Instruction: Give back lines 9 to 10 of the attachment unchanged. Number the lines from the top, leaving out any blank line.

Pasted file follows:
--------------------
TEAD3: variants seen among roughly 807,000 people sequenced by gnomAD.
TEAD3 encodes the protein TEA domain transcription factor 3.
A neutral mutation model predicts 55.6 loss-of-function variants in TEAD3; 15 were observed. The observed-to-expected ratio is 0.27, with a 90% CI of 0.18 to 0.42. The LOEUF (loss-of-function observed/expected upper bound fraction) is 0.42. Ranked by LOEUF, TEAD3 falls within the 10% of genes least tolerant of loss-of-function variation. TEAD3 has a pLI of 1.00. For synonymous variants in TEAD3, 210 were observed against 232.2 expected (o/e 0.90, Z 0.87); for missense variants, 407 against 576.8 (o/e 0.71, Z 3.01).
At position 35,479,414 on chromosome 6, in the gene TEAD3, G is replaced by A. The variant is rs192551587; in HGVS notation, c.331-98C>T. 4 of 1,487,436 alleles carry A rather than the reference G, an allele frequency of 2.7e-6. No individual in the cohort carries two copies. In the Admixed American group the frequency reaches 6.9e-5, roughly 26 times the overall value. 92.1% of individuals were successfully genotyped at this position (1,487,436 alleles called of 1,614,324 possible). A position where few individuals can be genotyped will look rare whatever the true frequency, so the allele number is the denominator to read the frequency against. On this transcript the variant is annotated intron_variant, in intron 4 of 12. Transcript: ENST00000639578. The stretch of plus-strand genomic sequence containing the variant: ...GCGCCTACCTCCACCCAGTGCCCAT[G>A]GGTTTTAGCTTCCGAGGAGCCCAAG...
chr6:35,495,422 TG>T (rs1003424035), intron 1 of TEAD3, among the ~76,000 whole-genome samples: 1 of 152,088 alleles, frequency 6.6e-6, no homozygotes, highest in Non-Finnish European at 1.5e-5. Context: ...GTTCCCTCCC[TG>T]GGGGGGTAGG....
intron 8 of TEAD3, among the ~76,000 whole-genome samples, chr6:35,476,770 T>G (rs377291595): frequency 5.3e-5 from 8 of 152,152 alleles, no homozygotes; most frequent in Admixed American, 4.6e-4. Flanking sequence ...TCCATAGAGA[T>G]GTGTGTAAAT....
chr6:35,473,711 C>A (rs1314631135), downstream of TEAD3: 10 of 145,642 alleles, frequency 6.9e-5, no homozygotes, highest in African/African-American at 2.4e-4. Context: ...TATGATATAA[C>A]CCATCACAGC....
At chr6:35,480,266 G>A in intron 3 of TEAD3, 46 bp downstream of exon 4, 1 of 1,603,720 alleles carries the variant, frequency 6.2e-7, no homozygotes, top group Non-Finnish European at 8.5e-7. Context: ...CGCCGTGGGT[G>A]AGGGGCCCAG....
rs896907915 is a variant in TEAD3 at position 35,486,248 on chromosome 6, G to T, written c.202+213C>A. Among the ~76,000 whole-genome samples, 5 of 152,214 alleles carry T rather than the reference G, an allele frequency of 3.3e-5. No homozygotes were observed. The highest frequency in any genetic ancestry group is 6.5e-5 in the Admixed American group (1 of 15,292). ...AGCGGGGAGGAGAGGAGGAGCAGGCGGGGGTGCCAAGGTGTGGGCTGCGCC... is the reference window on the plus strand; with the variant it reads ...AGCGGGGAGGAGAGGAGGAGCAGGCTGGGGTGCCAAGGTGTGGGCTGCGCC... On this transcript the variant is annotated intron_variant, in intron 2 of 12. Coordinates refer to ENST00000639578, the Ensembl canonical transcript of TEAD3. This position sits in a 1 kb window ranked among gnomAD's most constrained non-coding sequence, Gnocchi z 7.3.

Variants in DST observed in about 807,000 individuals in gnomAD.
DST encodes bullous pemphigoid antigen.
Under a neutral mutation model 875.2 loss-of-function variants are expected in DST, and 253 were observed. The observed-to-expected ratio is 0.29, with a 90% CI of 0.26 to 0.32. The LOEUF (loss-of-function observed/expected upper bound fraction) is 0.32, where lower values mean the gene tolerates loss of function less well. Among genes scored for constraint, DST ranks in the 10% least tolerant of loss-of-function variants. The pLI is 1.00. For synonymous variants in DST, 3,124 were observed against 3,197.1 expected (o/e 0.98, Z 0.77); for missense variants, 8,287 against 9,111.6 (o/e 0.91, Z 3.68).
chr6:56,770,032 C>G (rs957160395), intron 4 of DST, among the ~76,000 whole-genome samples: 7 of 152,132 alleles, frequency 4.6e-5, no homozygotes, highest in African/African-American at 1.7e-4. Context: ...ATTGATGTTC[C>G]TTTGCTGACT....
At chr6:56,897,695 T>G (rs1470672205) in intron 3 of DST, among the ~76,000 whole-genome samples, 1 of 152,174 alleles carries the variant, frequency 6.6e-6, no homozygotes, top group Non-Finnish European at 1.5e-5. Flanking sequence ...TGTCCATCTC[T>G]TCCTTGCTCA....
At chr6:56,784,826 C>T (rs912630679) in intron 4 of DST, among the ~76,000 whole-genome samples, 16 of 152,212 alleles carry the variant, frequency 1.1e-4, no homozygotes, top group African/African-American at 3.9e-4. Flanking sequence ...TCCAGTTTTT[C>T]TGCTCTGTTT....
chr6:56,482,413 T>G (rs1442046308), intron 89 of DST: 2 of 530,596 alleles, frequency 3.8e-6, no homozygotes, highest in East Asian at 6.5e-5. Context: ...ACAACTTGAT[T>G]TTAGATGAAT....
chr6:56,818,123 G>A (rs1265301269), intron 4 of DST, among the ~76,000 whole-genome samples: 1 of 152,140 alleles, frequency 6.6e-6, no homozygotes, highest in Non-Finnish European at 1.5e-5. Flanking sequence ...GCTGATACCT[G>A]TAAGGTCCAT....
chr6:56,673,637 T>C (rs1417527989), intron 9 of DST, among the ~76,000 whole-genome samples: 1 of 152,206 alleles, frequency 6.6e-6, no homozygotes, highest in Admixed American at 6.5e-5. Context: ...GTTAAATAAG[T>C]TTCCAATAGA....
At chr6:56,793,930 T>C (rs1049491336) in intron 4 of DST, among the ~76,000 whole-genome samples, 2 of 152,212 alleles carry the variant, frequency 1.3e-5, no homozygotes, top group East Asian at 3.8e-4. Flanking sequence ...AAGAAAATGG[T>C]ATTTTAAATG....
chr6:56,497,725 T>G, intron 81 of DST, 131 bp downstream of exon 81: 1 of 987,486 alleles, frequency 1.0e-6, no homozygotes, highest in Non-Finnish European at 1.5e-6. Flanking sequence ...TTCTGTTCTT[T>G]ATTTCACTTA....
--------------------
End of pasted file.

rs896907915 is a variant in TEAD3 at position 35,486,248 on chromosome 6, G to T, written c.202+213C>A. Among the ~76,000 whole-genome samples, 5 of 152,214 alleles carry T rather than the reference G, an allele frequency of 3.3e-5. No homozygotes were observed. The highest frequency in any genetic ancestry group is 6.5e-5 in the Admixed American group (1 of 15,292). ...AGCGGGGAGGAGAGGAGGAGCAGGCGGGGGTGCCAAGGTGTGGGCTGCGCC... is the reference window on the plus strand; with the variant it reads ...AGCGGGGAGGAGAGGAGGAGCAGGCTGGGGTGCCAAGGTGTGGGCTGCGCC... On this transcript the variant is annotated intron_variant, in intron 2 of 12. Coordinates refer to ENST00000639578, the Ensembl canonical transcript of TEAD3. This position sits in a 1 kb window ranked among gnomAD's most constrained non-coding sequence, Gnocchi z 7.3.

Variants in DST observed in about 807,000 individuals in gnomAD.